Phil Giunta's Reviews > Mercury

Mercury by Ben Bova
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Apr 19, 2011

really liked it
Read from March 18 to April 18, 2011

revious to Mercury, I had just completed Ben Bova's As On A Darkling Plain and I can tell you that Dr. Bova certainly enjoys his love triangles. In Mercury, brilliant engineer Mance Bracknell constructs the Skytower, a space elevator, in Ecuador alongside bioengineer Victor Molina. The tower stretches beyond Earth's atmosphere to a space platform in geostationary orbit. Bracknell's success inspires him to break out of his reticent shell and ask his girlfriend, Lara Tierney, for her hand in marriage. Unbeknownst to Bracknell, Molina is also in love with Lara.

Meanwhile, Elliot Danvers, a priest with a religious order known as the New Morality, is assigned to the project to provide spiritual guidance to the project's staff--and to spy on the irreligious scientists who dare build a modern day Tower of Babel, using a barely legal variation of nanotechnology no less. Bracknell's hubris angers the New Morality as well as the Yamagata Corporation. The Skytower will prove to be a much more efficient method for launching satellites into space, negating the need for propulsion systems provided by Yamagata.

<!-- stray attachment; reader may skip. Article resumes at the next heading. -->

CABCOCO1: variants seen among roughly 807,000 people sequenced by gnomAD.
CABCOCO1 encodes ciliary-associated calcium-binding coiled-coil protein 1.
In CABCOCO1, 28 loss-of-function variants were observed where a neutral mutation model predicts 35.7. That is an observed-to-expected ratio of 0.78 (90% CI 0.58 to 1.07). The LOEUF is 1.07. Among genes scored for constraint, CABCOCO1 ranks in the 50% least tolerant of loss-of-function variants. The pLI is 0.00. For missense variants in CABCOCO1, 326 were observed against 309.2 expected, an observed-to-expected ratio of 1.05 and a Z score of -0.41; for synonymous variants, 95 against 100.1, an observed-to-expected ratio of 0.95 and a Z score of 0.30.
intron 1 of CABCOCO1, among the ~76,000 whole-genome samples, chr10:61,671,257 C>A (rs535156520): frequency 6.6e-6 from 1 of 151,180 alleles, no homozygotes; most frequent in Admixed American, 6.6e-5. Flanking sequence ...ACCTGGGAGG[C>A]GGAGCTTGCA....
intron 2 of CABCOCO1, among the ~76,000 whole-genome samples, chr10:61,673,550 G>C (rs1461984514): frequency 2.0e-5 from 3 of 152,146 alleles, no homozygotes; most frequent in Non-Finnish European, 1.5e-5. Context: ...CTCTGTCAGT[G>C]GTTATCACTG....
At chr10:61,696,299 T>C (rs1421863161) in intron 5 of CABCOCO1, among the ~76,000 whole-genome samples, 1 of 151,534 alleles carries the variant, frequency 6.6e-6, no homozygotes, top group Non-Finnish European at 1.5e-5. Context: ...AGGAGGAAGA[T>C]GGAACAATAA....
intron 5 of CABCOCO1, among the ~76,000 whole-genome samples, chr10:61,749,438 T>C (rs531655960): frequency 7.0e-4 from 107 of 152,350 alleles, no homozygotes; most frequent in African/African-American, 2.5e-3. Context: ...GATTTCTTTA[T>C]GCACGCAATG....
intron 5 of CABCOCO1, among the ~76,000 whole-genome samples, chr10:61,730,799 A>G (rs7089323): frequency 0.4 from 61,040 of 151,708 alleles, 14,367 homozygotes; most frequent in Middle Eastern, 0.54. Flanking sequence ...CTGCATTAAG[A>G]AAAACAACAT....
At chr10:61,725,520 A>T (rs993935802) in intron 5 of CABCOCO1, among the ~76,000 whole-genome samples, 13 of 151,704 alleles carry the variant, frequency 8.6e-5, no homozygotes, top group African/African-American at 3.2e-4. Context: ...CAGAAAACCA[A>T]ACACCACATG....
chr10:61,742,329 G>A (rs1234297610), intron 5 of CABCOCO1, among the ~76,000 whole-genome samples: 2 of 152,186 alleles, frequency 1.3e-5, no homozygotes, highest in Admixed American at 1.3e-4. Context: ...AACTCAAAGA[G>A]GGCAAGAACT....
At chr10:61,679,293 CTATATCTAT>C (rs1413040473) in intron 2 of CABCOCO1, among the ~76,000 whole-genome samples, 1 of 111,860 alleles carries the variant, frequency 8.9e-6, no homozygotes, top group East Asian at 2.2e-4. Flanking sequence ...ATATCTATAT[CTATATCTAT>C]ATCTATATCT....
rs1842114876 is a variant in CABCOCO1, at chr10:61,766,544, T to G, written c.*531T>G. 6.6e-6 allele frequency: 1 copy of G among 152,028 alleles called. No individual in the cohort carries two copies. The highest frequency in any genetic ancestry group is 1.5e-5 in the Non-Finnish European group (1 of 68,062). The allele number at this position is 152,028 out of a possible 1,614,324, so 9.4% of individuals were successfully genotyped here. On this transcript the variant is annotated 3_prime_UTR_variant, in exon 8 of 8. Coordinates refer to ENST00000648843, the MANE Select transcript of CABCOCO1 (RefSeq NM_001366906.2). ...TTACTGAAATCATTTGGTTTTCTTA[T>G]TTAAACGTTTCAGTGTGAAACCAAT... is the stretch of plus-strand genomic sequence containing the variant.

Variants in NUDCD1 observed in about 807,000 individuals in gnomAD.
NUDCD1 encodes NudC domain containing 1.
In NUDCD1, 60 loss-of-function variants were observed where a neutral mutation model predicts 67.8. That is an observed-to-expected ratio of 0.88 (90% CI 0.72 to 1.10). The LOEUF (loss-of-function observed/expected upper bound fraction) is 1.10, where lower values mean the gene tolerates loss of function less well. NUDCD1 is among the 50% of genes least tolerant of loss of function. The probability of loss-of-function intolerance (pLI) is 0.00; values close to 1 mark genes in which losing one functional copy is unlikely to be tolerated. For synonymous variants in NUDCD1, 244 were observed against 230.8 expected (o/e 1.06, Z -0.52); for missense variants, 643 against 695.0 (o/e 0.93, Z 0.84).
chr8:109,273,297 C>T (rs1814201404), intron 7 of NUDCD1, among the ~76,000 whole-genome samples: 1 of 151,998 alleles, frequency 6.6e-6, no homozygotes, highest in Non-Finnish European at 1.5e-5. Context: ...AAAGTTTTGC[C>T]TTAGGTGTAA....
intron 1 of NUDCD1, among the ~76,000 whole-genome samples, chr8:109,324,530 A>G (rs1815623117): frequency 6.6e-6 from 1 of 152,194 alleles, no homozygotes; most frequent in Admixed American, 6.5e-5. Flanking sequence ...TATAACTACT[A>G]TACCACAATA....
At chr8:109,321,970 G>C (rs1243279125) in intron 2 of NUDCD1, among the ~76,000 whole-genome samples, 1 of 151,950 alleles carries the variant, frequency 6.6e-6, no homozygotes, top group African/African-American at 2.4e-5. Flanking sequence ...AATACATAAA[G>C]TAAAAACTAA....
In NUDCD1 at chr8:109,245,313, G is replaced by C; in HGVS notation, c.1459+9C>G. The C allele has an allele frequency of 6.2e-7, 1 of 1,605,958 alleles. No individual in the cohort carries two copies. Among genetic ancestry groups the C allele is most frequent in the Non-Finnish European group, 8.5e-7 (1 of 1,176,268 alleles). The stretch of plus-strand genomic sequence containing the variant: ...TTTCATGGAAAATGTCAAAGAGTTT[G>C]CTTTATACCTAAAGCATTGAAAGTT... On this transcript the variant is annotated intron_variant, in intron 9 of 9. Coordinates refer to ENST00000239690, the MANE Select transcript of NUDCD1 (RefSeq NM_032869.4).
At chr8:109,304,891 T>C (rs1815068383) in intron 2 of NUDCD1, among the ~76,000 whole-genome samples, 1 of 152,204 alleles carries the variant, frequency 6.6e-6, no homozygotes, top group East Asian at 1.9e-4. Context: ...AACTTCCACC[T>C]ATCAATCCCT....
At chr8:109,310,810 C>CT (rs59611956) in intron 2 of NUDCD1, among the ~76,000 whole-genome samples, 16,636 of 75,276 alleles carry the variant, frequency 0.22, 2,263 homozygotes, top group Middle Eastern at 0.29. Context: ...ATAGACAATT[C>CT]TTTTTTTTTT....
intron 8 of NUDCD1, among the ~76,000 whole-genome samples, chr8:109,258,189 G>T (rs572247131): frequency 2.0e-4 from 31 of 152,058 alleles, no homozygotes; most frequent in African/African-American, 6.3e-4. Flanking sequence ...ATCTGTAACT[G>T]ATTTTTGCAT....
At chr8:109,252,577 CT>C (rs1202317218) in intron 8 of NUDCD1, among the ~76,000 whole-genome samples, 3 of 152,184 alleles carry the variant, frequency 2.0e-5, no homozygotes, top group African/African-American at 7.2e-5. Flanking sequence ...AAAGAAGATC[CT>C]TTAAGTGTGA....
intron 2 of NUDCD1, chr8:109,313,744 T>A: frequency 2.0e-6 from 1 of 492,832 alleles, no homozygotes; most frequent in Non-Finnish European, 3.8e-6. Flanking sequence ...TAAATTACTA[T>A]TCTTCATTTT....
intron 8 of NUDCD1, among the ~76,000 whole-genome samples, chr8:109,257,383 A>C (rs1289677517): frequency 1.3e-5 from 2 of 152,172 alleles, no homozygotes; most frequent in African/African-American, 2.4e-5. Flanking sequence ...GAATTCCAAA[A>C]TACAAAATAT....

When the tower is sabotaged by Yamagata, causing most of it to collapse and kill millions of people across the planet, Bracknell is charged, convicted and exiled from Earth for the rest of his days. Molina, seizing the opportunity to have Lara for himself, commits perjury and testifies against Bracknell. The use of nanotechnology in the Skytower also becomes inimical to Bracknell's case.

Bracknell spends the next ten years living a meaningless life as a crewman aboard a freighter, plotting his revenge on Yamagata, Molina, and Danvers.

Bracknell eventually escapes servitude and has his appearance altered by a specialist at Selene base on Earth's moon--ironically through the use of nanotechnology. He assumes the name of one of the freighter's crewman who was killed when the ship was attacked and destroyed. Bracknell, now Dante Alexios, was the sole survivor and beneficiary of the insurance policy on the freighter. With new found fortune, Alexios sets up an engineering firm on the moon. Eventually, he learns of a project on Mercury to create solar powered satellites--funded by Yamagata Corporation. Alexios wins a bid as a subcontractor on the project, opening the door to his plan for revenge.

Mercury is divided into four parts and no chapter is more than three pages long. The first two parts deal with the Mercury project and introduce the main characters. The reader begins to understand just who Dante Alexios truly is and starts to watch the seeds of his vengeance bear fruit. Part three moves back in time to the Skytower project and the rise and fall of Mance Bracknell. The final part brings the reader back to Mercury and the final execution of Bracknell's plan for revenge.

All told, Mercury is a fast, enjoyable read. I did note more than once that POV tends to jump from one character to another inside of a scene. I always found this to be a distraction and in fact, breaks an often taught rule of story structure. However, the POV changes are made clear so as not to confuse the reader.

Continuing my Ben Bova read-a-thon, the next book on the list is Jupiter
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